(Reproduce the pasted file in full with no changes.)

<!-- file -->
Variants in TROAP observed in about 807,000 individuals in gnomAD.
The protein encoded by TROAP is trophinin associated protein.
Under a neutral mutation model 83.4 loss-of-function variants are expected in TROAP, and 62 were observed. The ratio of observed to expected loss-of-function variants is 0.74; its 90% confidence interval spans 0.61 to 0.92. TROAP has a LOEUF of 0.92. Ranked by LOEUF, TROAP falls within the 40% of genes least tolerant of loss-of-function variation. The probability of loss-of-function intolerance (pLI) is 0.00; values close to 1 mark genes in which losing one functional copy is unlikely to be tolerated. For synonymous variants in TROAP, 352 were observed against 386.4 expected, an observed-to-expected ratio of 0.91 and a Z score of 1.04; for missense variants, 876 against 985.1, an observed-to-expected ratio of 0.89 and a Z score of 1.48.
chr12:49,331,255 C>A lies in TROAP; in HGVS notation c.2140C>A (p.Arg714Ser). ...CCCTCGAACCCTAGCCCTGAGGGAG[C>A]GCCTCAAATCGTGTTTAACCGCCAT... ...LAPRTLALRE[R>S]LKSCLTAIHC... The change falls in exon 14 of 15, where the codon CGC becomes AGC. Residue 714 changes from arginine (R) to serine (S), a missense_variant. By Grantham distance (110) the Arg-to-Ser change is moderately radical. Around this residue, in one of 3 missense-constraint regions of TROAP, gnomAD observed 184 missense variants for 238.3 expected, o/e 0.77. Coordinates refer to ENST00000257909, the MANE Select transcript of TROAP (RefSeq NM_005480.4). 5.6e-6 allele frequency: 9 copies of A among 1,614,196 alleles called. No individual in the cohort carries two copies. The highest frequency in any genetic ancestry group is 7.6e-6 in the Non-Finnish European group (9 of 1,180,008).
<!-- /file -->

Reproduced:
Variants in TROAP observed in about 807,000 individuals in gnomAD.
The protein encoded by TROAP is trophinin associated protein.
Under a neutral mutation model 83.4 loss-of-function variants are expected in TROAP, and 62 were observed. The ratio of observed to expected loss-of-function variants is 0.74; its 90% confidence interval spans 0.61 to 0.92. TROAP has a LOEUF of 0.92. Ranked by LOEUF, TROAP falls within the 40% of genes least tolerant of loss-of-function variation. The probability of loss-of-function intolerance (pLI) is 0.00; values close to 1 mark genes in which losing one functional copy is unlikely to be tolerated. For synonymous variants in TROAP, 352 were observed against 386.4 expected, an observed-to-expected ratio of 0.91 and a Z score of 1.04; for missense variants, 876 against 985.1, an observed-to-expected ratio of 0.89 and a Z score of 1.48.
chr12:49,331,255 C>A lies in TROAP; in HGVS notation c.2140C>A (p.Arg714Ser). ...CCCTCGAACCCTAGCCCTGAGGGAG[C>A]GCCTCAAATCGTGTTTAACCGCCAT... ...LAPRTLALRE[R>S]LKSCLTAIHC... The change falls in exon 14 of 15, where the codon CGC becomes AGC. Residue 714 changes from arginine (R) to serine (S), a missense_variant. By Grantham distance (110) the Arg-to-Ser change is moderately radical. Around this residue, in one of 3 missense-constraint regions of TROAP, gnomAD observed 184 missense variants for 238.3 expected, o/e 0.77. Coordinates refer to ENST00000257909, the MANE Select transcript of TROAP (RefSeq NM_005480.4). 5.6e-6 allele frequency: 9 copies of A among 1,614,196 alleles called. No individual in the cohort carries two copies. The highest frequency in any genetic ancestry group is 7.6e-6 in the Non-Finnish European group (9 of 1,180,008).